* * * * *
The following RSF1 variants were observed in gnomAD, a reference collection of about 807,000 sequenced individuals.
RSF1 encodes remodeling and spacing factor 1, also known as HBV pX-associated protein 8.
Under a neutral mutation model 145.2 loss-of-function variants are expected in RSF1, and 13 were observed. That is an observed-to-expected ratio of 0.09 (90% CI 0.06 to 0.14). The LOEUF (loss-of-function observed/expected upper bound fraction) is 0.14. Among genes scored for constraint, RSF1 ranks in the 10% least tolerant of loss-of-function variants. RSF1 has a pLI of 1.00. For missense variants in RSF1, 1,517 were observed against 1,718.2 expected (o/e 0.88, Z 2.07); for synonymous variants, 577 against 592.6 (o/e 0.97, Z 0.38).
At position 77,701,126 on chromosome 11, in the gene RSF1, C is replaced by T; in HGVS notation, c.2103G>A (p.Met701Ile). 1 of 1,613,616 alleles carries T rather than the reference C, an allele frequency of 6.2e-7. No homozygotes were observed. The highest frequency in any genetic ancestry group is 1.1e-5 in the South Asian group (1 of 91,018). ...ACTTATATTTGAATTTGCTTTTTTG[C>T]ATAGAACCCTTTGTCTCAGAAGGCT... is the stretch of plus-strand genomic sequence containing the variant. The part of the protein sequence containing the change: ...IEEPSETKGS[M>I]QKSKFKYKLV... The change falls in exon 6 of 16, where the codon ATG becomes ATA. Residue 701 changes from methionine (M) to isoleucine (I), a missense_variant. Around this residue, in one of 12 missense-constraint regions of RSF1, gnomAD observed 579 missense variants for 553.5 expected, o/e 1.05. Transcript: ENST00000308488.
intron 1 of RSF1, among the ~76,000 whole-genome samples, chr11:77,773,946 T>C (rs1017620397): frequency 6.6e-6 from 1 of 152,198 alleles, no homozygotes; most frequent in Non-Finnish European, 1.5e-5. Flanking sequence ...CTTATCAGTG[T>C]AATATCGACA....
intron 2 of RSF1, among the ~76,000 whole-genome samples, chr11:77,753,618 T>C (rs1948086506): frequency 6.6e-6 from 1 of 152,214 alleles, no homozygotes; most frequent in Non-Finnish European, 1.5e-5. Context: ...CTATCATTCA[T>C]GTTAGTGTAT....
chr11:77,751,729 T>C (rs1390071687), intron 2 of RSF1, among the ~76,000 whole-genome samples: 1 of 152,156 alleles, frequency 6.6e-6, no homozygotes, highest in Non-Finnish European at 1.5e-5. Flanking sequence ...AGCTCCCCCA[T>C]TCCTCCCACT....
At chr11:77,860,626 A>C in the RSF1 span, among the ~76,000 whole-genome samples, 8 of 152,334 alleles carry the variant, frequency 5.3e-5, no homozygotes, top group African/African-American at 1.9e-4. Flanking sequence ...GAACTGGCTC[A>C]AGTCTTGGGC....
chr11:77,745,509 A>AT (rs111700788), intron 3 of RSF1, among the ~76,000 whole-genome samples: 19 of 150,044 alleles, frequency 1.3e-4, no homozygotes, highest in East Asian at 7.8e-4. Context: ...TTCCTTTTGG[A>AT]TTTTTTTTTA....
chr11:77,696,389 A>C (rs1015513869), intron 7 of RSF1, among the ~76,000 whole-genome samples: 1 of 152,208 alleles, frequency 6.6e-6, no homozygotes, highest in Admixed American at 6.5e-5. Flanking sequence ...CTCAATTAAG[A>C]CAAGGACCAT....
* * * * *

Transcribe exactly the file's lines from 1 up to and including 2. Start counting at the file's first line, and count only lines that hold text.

The following RSF1 variants were observed in gnomAD, a reference collection of about 807,000 sequenced individuals.
RSF1 encodes remodeling and spacing factor 1, also known as HBV pX-associated protein 8.